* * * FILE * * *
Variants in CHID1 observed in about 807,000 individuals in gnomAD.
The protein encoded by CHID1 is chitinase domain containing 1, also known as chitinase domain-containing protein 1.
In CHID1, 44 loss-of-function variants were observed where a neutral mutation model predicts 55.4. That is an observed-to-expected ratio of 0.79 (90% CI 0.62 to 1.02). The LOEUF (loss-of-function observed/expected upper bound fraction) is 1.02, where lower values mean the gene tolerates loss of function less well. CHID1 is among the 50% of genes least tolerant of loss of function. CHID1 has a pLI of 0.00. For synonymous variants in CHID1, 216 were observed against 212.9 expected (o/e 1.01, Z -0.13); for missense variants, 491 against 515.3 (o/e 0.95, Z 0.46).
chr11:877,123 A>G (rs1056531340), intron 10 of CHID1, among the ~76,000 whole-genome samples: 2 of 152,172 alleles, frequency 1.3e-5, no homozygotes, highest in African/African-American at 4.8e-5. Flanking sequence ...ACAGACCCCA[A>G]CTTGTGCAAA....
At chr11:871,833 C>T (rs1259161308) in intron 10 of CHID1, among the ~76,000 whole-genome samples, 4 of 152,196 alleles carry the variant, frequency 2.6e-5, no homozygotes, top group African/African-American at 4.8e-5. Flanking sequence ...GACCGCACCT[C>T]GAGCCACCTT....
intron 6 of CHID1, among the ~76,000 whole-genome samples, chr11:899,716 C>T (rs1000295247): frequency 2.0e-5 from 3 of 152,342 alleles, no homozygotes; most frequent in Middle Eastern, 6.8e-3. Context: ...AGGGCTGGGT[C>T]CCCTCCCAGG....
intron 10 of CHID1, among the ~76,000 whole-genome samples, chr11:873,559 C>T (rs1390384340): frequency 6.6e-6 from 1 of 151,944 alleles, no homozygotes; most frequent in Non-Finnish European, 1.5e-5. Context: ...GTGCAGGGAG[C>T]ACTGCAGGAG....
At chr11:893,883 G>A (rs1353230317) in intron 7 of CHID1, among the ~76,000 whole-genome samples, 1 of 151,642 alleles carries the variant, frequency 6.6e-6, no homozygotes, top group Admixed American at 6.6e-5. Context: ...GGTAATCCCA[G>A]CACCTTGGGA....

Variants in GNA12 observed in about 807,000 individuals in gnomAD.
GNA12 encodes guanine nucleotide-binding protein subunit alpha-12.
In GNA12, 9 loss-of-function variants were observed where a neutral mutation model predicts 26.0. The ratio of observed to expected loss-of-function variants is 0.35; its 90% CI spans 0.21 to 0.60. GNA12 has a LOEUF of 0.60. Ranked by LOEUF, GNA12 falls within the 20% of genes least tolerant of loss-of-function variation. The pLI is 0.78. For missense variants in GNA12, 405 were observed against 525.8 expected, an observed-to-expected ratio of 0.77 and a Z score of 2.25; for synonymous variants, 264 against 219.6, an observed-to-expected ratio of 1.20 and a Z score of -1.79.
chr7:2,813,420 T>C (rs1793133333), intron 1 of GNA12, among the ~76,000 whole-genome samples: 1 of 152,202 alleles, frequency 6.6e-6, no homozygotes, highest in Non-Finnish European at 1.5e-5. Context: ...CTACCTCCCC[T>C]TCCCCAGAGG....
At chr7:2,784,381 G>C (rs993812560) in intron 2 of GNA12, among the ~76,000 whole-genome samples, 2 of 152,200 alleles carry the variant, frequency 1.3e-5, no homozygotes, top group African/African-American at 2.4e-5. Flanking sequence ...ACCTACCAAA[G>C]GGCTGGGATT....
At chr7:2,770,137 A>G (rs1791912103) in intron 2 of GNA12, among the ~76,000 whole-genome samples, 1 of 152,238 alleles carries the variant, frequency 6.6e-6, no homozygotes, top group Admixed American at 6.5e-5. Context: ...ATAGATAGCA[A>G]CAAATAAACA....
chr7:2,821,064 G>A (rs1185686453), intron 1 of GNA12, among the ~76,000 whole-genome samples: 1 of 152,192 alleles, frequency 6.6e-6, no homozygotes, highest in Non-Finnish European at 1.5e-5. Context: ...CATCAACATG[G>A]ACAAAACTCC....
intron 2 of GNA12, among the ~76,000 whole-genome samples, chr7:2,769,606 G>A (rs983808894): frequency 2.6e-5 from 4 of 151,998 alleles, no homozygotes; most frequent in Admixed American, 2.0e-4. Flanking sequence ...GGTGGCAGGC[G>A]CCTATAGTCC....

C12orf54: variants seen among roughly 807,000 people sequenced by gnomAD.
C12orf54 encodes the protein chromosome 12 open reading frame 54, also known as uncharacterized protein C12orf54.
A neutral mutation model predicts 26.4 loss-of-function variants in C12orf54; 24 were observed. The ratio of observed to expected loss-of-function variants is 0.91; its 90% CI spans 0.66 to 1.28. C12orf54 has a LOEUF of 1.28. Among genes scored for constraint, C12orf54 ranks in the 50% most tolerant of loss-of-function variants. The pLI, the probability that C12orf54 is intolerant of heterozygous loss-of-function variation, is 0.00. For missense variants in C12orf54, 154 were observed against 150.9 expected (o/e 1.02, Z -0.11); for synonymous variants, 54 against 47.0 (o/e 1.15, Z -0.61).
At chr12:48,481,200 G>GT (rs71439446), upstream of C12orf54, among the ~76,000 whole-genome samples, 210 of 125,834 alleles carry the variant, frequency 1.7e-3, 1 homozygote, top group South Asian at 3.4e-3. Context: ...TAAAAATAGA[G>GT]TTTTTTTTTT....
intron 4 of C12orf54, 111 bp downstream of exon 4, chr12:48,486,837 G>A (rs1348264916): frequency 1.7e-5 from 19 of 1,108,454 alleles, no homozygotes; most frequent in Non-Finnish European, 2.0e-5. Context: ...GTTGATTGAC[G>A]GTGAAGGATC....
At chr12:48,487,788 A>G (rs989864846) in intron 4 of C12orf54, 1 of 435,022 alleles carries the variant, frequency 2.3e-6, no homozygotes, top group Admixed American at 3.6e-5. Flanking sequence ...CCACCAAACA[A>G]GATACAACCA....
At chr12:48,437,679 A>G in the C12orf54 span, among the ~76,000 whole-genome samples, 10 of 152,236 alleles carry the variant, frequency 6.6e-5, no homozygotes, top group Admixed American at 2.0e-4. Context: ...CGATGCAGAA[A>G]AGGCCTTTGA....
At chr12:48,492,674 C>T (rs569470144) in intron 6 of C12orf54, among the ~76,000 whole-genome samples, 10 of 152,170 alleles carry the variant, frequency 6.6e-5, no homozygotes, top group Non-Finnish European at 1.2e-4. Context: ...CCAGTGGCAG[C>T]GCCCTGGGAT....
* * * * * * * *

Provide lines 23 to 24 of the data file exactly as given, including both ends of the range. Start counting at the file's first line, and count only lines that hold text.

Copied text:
At chr12:48,437,679 A>G in the C12orf54 span, among the ~76,000 whole-genome samples, 10 of 152,236 alleles carry the variant, frequency 6.6e-5, no homozygotes, top group Admixed American at 2.0e-4. Context: ...CGATGCAGAA[A>G]AGGCCTTTGA....
At chr12:48,492,674 C>T (rs569470144) in intron 6 of C12orf54, among the ~76,000 whole-genome samples, 10 of 152,170 alleles carry the variant, frequency 6.6e-5, no homozygotes, top group Non-Finnish European at 1.2e-4. Context: ...CCAGTGGCAG[C>T]GCCCTGGGAT....